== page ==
The main goal of this project is to understand how changes in the hippocampus may cause pathological aggression and antisocial behaviors. We previously found that mice with the conditional knockout (KO) of Brain Derived Neurotrophic Factor (BDNF) restricted to the hippocampal area CA3 are more aggressive than their wild type (WT) counterparts. Because hippocampus does not directly control aggression, we hypothesized that it acts on remote targets that either enhance or suppress aggression. Given that a) remote communications in the brain are mediated by oscillations and b) hippocampus generates oscillations, we investigated how BDNF deletion altered oscillatory activity in the hippocampus. We found that carbachol-induced gamma oscillations are attenuated in slices from BDNF knockout mice. At the same time we found elevated expression and activity of 5-HT3 receptor in these animals. The 5-HT3 receptor is selective for GABAergic neurons, which participate in generating gamma oscillations, and we hypothesized that the increase in 5-HT3 receptor activity might be responsible for attenuated gamma oscillations. When we pharmacologically suppressed 5-HT3 receptor, the power of gamma oscillations increased, which suggests that decrease of gamma power in BDNF knockout mice results from the increased activity of 5-HT3 receptor.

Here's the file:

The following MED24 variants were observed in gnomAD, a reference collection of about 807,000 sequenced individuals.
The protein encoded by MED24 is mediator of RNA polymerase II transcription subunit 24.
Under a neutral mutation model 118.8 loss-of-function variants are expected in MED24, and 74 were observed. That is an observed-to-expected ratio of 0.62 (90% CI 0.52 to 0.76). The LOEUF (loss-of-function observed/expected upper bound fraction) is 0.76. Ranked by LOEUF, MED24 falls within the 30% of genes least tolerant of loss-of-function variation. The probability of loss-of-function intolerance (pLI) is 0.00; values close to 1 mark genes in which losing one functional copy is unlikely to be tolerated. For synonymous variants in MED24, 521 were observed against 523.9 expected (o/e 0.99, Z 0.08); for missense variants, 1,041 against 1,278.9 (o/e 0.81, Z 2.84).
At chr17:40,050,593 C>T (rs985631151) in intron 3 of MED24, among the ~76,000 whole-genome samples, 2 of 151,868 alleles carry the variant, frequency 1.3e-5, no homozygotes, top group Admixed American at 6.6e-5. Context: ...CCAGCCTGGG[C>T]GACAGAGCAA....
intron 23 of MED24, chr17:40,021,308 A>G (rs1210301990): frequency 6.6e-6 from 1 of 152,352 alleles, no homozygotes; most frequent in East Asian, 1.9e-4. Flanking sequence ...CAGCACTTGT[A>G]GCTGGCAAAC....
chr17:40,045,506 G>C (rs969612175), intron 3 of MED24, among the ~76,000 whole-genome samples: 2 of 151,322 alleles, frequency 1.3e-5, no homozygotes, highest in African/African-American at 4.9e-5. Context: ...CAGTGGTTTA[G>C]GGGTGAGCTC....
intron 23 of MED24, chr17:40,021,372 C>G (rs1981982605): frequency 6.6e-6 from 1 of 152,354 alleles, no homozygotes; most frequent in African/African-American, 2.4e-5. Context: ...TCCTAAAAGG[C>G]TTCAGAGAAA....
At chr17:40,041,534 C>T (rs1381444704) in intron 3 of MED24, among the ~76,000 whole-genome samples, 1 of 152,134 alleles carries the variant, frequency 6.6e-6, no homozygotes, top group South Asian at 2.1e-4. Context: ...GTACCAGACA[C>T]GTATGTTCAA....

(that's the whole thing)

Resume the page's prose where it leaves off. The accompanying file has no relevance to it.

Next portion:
Behavioral characterization of BDNF KO mice showed that they exhibit attenuated empathy-like behavior in a novel test in which animal is exposed to a cage-mate animal under distress. We continue investigation to determine whether the 5-HT3 receptor, which is involved in aggressive behaviors, also contribute to deficit in empathy-like behaviors

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U.S. National Institute of Mental Health
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